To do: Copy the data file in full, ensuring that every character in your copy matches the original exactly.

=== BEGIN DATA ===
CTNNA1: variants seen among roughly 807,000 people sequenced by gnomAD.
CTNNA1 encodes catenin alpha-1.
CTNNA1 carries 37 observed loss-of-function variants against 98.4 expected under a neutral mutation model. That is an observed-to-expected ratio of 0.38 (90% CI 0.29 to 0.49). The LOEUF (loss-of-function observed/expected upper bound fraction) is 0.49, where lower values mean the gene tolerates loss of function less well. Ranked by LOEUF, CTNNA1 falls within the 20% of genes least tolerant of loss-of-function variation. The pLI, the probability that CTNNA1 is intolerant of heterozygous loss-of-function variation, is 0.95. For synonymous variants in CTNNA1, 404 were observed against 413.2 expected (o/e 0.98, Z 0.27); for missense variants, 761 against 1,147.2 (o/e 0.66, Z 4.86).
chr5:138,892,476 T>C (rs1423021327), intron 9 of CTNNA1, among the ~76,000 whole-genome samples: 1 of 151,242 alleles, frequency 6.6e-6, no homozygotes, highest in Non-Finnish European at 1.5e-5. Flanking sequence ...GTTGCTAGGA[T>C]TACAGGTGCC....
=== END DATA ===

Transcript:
CTNNA1: variants seen among roughly 807,000 people sequenced by gnomAD.
CTNNA1 encodes catenin alpha-1.
CTNNA1 carries 37 observed loss-of-function variants against 98.4 expected under a neutral mutation model. That is an observed-to-expected ratio of 0.38 (90% CI 0.29 to 0.49). The LOEUF (loss-of-function observed/expected upper bound fraction) is 0.49, where lower values mean the gene tolerates loss of function less well. Ranked by LOEUF, CTNNA1 falls within the 20% of genes least tolerant of loss-of-function variation. The pLI, the probability that CTNNA1 is intolerant of heterozygous loss-of-function variation, is 0.95. For synonymous variants in CTNNA1, 404 were observed against 413.2 expected (o/e 0.98, Z 0.27); for missense variants, 761 against 1,147.2 (o/e 0.66, Z 4.86).
chr5:138,892,476 T>C (rs1423021327), intron 9 of CTNNA1, among the ~76,000 whole-genome samples: 1 of 151,242 alleles, frequency 6.6e-6, no homozygotes, highest in Non-Finnish European at 1.5e-5. Flanking sequence ...GTTGCTAGGA[T>C]TACAGGTGCC....